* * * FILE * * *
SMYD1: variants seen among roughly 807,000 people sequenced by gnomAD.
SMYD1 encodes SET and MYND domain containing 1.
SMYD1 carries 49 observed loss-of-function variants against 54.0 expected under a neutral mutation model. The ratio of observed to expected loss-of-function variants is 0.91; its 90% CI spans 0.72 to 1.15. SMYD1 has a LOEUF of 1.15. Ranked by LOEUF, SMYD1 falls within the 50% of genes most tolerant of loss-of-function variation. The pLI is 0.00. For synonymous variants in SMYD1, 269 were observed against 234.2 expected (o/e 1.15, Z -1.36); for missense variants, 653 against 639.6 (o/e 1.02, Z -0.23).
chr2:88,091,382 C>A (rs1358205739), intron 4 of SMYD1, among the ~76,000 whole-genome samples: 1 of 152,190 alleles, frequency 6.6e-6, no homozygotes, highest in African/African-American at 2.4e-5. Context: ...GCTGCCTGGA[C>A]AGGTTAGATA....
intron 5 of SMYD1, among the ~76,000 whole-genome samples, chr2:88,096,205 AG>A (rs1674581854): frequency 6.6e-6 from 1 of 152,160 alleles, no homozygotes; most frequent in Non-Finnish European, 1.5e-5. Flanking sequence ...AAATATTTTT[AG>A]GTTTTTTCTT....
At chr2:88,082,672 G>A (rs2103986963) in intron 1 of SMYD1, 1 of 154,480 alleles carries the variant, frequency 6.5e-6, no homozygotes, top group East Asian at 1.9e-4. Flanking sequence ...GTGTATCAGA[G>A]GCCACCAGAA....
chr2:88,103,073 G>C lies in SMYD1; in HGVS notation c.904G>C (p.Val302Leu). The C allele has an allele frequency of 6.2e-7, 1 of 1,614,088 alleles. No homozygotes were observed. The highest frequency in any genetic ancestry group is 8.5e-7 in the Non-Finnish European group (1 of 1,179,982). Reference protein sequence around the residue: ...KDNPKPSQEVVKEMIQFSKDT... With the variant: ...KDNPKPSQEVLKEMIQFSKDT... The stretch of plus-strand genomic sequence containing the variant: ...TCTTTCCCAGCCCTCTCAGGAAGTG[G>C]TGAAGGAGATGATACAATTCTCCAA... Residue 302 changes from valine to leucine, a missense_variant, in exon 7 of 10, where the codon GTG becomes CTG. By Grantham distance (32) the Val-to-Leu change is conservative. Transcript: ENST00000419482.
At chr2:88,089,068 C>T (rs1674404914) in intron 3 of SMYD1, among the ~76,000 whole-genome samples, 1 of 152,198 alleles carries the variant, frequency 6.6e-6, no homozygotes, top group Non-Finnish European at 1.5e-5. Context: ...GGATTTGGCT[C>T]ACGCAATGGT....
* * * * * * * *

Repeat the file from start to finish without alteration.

SMYD1: variants seen among roughly 807,000 people sequenced by gnomAD.
SMYD1 encodes SET and MYND domain containing 1.
SMYD1 carries 49 observed loss-of-function variants against 54.0 expected under a neutral mutation model. The ratio of observed to expected loss-of-function variants is 0.91; its 90% CI spans 0.72 to 1.15. SMYD1 has a LOEUF of 1.15. Ranked by LOEUF, SMYD1 falls within the 50% of genes most tolerant of loss-of-function variation. The pLI is 0.00. For synonymous variants in SMYD1, 269 were observed against 234.2 expected (o/e 1.15, Z -1.36); for missense variants, 653 against 639.6 (o/e 1.02, Z -0.23).
chr2:88,091,382 C>A (rs1358205739), intron 4 of SMYD1, among the ~76,000 whole-genome samples: 1 of 152,190 alleles, frequency 6.6e-6, no homozygotes, highest in African/African-American at 2.4e-5. Context: ...GCTGCCTGGA[C>A]AGGTTAGATA....
intron 5 of SMYD1, among the ~76,000 whole-genome samples, chr2:88,096,205 AG>A (rs1674581854): frequency 6.6e-6 from 1 of 152,160 alleles, no homozygotes; most frequent in Non-Finnish European, 1.5e-5. Flanking sequence ...AAATATTTTT[AG>A]GTTTTTTCTT....
At chr2:88,082,672 G>A (rs2103986963) in intron 1 of SMYD1, 1 of 154,480 alleles carries the variant, frequency 6.5e-6, no homozygotes, top group East Asian at 1.9e-4. Flanking sequence ...GTGTATCAGA[G>A]GCCACCAGAA....
chr2:88,103,073 G>C lies in SMYD1; in HGVS notation c.904G>C (p.Val302Leu). The C allele has an allele frequency of 6.2e-7, 1 of 1,614,088 alleles. No homozygotes were observed. The highest frequency in any genetic ancestry group is 8.5e-7 in the Non-Finnish European group (1 of 1,179,982). Reference protein sequence around the residue: ...KDNPKPSQEVVKEMIQFSKDT... With the variant: ...KDNPKPSQEVLKEMIQFSKDT... The stretch of plus-strand genomic sequence containing the variant: ...TCTTTCCCAGCCCTCTCAGGAAGTG[G>C]TGAAGGAGATGATACAATTCTCCAA... Residue 302 changes from valine to leucine, a missense_variant, in exon 7 of 10, where the codon GTG becomes CTG. By Grantham distance (32) the Val-to-Leu change is conservative. Transcript: ENST00000419482.
At chr2:88,089,068 C>T (rs1674404914) in intron 3 of SMYD1, among the ~76,000 whole-genome samples, 1 of 152,198 alleles carries the variant, frequency 6.6e-6, no homozygotes, top group Non-Finnish European at 1.5e-5. Context: ...GGATTTGGCT[C>T]ACGCAATGGT....